Building on Church History: The Church in London
The Diocese of London Lambeth Palace Library King's College London The Open University

How to Write a Church and Parish History: Worship

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What assumptions did the original builders make about the character of worship? For example: how prominent is the pulpit and/or the altar? Is there an original screen and/or choir stalls? Is the organ contemporary with the building or a later addition? When were pews installed/removed? What church furnishings were originally installed, or added at a later date? Are there still old hymnbooks and other publications lying around that give clues as to the content of services in the past? Do any old magazines or noticeboards allow you to reconstruct the past pattern of services?

Also consider the ways in which the design of the building may have constrained or even prevented subsequent changes in worship styles: some church buildings are not well-suited to elaborate liturgy whereas conversely others are always likely to serve as a brake on moves towards greater informality in worship.


Personal recollections of changes in the style and pattern of worship are likely to be very interesting. Bear in mind that the laity often perceive such alterations in a different way from the clergy, especially if the clergy are motivated by theological considerations that they do not succeed in communicating fully to the congregation. Hence lay people who would not necessarily disagree with an incumbent's theology can nevertheless be irritated by what they perceive as pointless innovation or insensitive discontinuation of valued established practice. Follow this link for information on oral history.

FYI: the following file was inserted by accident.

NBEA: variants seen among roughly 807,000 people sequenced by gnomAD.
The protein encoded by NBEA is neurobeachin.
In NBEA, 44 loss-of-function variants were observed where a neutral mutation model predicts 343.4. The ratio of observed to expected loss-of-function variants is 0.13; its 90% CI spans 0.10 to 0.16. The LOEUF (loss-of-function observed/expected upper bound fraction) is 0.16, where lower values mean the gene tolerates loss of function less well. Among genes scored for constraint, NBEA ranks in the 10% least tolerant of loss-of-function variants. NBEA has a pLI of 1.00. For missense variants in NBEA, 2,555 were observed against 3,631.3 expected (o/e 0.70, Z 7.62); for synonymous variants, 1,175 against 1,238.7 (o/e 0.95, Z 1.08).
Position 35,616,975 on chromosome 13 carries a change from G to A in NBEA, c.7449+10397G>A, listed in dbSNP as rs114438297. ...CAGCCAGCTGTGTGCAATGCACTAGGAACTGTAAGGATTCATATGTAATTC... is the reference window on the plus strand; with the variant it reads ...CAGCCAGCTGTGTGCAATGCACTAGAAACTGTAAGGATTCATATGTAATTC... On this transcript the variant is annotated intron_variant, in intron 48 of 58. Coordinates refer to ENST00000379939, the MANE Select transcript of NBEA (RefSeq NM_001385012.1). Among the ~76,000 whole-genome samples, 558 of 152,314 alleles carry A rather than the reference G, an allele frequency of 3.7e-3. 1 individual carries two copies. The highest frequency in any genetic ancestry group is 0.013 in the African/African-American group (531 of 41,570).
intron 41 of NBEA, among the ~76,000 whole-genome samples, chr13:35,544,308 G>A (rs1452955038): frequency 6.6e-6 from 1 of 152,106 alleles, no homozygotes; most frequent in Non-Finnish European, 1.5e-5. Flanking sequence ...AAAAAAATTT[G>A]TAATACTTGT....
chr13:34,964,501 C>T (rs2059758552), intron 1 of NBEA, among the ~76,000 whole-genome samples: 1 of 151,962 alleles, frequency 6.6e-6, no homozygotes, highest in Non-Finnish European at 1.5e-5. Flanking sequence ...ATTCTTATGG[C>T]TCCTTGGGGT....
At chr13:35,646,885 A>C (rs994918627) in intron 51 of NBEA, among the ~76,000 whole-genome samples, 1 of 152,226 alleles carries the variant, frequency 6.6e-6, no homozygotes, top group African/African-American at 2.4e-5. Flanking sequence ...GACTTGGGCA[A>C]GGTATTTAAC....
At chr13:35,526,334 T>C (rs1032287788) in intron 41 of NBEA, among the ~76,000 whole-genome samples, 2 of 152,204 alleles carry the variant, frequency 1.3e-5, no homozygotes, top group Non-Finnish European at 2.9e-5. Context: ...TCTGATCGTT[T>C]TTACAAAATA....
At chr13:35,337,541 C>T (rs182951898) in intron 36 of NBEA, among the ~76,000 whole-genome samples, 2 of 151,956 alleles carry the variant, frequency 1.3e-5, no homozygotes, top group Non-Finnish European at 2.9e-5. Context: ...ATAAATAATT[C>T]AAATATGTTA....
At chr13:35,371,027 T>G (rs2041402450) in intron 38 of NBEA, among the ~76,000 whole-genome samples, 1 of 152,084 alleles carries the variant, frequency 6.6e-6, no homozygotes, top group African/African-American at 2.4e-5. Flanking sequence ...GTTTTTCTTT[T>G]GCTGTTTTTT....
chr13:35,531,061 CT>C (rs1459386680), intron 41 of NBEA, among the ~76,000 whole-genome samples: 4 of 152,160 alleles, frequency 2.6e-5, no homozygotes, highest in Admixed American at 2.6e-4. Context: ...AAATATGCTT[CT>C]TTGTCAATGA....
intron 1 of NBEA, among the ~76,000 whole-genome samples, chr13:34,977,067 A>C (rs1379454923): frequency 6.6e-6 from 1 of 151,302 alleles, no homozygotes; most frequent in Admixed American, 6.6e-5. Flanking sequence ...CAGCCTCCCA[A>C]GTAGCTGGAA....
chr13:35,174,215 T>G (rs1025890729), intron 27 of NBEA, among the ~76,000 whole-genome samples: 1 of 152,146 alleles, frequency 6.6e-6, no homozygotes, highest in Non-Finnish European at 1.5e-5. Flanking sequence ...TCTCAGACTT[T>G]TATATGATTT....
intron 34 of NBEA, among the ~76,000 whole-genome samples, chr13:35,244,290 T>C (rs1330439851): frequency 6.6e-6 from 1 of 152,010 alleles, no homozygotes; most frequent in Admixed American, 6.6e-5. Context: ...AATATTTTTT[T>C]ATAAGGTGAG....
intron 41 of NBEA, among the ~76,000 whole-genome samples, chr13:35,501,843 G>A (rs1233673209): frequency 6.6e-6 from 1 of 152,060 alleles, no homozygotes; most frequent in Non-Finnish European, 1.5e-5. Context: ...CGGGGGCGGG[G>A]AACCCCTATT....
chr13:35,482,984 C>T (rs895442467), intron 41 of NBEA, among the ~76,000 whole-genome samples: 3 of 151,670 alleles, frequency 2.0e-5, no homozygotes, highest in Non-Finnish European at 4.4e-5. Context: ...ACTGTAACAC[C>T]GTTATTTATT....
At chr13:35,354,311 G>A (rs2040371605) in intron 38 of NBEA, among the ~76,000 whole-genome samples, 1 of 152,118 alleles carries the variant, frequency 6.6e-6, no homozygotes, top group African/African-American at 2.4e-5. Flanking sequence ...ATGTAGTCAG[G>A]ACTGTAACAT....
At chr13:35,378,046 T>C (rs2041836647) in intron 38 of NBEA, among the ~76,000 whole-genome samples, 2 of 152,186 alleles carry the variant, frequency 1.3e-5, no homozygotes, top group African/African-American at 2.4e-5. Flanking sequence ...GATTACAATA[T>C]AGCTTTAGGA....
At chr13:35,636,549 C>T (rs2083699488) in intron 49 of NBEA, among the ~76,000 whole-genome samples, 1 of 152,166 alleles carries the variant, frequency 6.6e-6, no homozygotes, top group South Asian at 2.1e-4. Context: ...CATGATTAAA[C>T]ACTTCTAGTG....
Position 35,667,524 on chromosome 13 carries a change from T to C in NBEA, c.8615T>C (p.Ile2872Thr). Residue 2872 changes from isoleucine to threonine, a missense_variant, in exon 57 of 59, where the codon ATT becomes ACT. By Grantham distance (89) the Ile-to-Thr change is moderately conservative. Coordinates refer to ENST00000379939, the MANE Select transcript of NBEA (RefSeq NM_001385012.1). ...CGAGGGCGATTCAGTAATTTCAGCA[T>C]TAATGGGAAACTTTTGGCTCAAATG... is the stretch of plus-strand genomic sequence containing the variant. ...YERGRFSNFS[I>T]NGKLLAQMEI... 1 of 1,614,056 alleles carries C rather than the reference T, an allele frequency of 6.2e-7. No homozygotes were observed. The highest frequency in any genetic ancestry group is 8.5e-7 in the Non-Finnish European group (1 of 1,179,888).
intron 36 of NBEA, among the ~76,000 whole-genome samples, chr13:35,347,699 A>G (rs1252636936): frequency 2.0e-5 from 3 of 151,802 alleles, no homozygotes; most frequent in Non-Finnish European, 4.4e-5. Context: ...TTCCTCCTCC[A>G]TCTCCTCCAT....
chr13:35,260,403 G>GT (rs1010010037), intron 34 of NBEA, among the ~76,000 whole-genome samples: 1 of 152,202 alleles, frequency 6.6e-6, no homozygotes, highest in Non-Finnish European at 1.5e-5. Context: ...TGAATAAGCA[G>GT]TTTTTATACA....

For surveys of changes in worship and church music during the Victorian era see the chapter on the Church of England by Gerald Parsons on Religion in Victorian Britain, Volume 1 (Manchester, 1988) and that by John Wolffe on hymns and church music in Religion in Victorian Britain Volume 5 (Manchester 1997). More detailed accounts are provided in:

Horton Davies, Worship and Theology in England, 6 volumes covering the period between the Reformation and the present; the first five were originally published by Princeton University Press between 1961 and 1970; they were reprinted by Eerdmans in 1996 with an additional volume covering developments since the 1960s.

Nigel Yates, Building, Faith and Worship: The Liturgical Arrangement of Anglican Churches 1600-1900, Oxford: Oxford University Press, 2000.



Registers of services kept in parish records at the London Metropolitan Archives or elsewhere are likely to be instructive, while Visitation Returns provide occasional reports of the pattern of worship. If anything controversial occurred – and many parishes were divided by ritual disputes in the later nineteenth century – then the Bishop of London may well have become involved and there could accordingly be relevant correspondence in the the Fulham Papers. Local and even national newspapers may also have taken an interest.

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